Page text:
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CBSE Class 11-science Answered

What is meant by the term ' Molar specific heat ' of a gas?  The molar specific heat of hydrogen in the temperature range of about 250 K to 750 K is about (5/2) R.  At lower temperatures the value of molar specific heat of hydrogen decreases to the value typical of monoatomic gases (3/2) R while at higher temperatures, it tends to the value (7/2) R.  Explain.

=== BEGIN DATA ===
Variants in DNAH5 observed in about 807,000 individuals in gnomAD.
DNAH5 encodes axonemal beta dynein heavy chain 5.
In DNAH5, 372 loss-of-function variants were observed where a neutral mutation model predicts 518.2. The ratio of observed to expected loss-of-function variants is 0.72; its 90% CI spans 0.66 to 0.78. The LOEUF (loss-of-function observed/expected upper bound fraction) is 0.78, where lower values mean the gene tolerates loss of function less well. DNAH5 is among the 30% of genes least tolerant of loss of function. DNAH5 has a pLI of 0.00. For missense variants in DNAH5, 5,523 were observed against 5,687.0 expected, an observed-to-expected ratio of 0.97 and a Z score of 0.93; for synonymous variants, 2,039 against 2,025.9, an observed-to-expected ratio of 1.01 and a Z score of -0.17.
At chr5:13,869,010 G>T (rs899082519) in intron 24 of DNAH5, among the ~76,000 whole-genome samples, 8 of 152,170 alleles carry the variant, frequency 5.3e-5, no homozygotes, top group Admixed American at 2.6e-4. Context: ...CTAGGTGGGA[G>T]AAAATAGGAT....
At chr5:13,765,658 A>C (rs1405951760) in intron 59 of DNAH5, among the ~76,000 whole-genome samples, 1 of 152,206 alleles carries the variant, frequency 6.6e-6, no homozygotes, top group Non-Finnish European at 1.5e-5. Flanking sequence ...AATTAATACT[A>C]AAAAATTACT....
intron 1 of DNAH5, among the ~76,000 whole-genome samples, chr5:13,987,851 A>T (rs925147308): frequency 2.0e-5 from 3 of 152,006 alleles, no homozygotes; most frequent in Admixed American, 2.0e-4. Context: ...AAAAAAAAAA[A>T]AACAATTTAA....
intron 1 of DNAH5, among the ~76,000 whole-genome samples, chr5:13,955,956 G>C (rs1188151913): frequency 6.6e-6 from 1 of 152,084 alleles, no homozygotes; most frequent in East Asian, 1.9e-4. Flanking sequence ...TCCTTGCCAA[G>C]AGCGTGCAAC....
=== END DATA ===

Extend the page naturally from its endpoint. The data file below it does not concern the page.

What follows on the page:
Asked by Topperlearning User | 04 Jun, 2014, 01:23: PM
Expert Answer

Molar specific heat capacity of a gas refers to the amount of energy required for 1 mole of a substance to raise its temperature by 1 K.  In the temperature beyond 70 kelvin, rotational motion of H2 gas starts.  So at 250 K < T < 750, the number of degrees of freedom becomes five -2 rotational and 3 translational

Therefore,  Cv =f/2 R becomes, Cv = 5/2 R.  For lower temperatures only translational degrees of freedom will exist and no rotational freedom.

Therefore,  Cv = 3/2 R.

Answered by | 04 Jun, 2014, 03:23: PM
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